“Let us consider an augmented architect at work. He sits at a working station that has a visual display screen some three feet on a side; this is his working surface, and is controlled by a computer (his “clerk”) with which he can communicate by means of a small keyboard and various other devices.”
Is it just me or does this almost sound like someone interacting with Pandora? Perhaps I was looking too hard to find a connection. My last nugget referred to man-computer symbiosis and the amount of technology behind the music facet of Pandora, which later shifted into the advertisements facet of Pandora. Let’s say we change a couple of words in this passage: Let us consider an augmented listener in his car. He sits at the steering wheel with his phone on the center console; this is his music system, and is controlled by a computer with which he can communicate by means of a skip button and various other devices.
Woah. So here’s the idea of Pandora, a form of technology, working with man again. But is this really a substantial form of interaction? Pandora, a man-made composite of music and advertisements, chooses a song or commercial whenever needed. So what? Is man really interacting with it, or just telling it what to do? The technology behind these choices is not so dense that Pandora could fire all of its employees and it would still remain successful. But I’m compelled to say that this is an interaction nonetheless, and the idea of man and computer interacting is still somewhat meaningful. Although Pandora doesn’t necessarily augment human intellect today, maybe music and technology could merge together to do that. So many people already turn to music to help them think or relax or generally find a new state of mind; the growing rate of technology with music popularity will surely come up with something.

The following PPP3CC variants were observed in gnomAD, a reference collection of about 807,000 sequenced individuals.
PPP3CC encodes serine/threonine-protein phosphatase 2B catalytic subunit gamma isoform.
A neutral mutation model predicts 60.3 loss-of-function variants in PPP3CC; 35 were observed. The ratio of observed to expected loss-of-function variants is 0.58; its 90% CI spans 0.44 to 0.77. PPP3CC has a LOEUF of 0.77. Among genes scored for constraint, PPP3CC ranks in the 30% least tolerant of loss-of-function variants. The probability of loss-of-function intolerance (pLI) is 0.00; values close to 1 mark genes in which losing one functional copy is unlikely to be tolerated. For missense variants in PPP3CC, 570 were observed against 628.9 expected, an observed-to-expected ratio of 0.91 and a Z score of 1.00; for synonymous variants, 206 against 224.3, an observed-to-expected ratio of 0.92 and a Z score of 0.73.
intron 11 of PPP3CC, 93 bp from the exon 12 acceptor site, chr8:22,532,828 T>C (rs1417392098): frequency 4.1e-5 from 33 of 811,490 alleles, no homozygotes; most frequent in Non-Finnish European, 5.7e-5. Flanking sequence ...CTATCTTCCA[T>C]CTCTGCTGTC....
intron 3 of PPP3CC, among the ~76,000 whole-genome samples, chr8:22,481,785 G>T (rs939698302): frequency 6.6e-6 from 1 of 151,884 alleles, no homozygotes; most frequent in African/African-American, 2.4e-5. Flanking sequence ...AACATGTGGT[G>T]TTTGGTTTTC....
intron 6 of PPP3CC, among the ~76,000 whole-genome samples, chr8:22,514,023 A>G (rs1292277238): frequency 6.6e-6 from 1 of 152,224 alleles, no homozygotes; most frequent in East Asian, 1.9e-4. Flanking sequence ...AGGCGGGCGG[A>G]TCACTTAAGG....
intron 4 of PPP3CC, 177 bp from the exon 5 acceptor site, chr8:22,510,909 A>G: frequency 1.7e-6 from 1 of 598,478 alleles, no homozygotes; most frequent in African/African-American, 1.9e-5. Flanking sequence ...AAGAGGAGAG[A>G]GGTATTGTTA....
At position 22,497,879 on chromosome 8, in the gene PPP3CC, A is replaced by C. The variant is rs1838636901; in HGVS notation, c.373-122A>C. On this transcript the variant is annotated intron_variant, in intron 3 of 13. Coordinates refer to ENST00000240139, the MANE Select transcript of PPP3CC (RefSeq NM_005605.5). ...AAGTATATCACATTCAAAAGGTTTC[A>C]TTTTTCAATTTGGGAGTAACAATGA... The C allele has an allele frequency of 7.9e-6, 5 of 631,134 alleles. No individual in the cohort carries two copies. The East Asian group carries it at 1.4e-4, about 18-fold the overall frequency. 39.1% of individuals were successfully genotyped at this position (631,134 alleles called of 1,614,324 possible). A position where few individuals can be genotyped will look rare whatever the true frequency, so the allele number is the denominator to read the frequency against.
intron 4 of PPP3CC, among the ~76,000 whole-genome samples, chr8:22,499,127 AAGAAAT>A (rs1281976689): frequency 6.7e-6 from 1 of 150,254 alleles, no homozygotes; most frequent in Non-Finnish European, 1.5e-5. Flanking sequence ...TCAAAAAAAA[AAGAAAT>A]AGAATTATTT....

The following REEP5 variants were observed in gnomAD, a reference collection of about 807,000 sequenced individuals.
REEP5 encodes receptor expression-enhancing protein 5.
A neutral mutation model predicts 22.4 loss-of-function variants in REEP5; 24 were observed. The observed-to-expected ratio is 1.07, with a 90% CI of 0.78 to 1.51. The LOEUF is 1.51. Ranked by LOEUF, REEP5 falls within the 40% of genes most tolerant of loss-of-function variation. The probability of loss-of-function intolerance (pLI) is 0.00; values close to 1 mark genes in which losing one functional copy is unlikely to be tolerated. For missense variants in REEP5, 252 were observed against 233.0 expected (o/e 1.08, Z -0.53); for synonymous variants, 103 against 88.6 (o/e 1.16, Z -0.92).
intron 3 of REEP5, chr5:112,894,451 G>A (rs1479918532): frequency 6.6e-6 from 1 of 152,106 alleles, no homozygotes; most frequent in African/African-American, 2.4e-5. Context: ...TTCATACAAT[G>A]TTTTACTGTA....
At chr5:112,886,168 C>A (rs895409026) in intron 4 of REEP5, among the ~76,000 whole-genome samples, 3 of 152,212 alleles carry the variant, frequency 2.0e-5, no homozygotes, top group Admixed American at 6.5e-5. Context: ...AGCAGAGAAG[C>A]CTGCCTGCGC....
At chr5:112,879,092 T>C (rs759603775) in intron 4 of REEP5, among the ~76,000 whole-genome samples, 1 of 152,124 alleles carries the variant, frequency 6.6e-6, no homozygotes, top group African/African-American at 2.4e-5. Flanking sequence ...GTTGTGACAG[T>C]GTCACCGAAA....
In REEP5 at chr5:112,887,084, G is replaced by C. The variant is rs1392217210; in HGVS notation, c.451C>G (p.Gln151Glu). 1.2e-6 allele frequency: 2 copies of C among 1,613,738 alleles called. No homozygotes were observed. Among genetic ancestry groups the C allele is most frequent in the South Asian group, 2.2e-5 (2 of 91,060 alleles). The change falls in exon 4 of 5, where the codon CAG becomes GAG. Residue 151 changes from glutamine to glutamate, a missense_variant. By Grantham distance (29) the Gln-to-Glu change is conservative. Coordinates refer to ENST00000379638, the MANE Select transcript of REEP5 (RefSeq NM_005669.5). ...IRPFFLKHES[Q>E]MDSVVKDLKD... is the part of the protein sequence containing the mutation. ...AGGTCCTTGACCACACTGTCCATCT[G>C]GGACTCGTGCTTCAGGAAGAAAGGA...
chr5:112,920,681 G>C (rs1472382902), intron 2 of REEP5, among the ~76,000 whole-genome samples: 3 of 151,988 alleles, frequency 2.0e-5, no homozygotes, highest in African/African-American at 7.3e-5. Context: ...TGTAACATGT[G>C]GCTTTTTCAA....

The KahnQuest’s nugget post brought some different insight to the interaction between technology and man. He says, “Let’s go back about 400 years. That’s around Jamestown times, right? Back then did they have the abilities to create a modern sort of technology? Let’s say a car. Yes and no.” In my nugget above, I said that Pandora currently does not augment human intellect. Is that because we are not at that point of innovation yet? This is quite an interesting idea – that this “interaction” between Pandora and its listeners is only slightly meaningful today, but it will grow in the right time and place. It is hard to believe that no one is capable of coming up with technology to achieve this today, but then again there is presumably no need for it yet, just like cars about 400 years ago.
Sara had a somewhat similar point of view. In her nugget, she discusses the small steps needed to take to achieve large technological developments. We can’t go from today’s Pandora, a man-made composite of songs and advertisements, directly into an Internet radio system that works independently and ‘augments’ its listeners. Just like the human brain, technology improves upon itself little by little to achieve great things over time, such as cars.
Jamie might have wrapped up all of these thoughts best. In her nugget, she says, “Though breakthroughs and completed projects appear to an observer as a sudden exponential acquisition of knowledge, these strides are the offspring of a long grueling lineage of learning, practice, and sturdy foundations of knowledge graciously built by the culture and minds of past innovators.” Pandora itself is the result of a process, not an overnight invention. I tend to forget how relatively new it actually is. Sure, there is minimal interaction between Pandora and its listeners today, but this symbiosis will surely become stronger in time.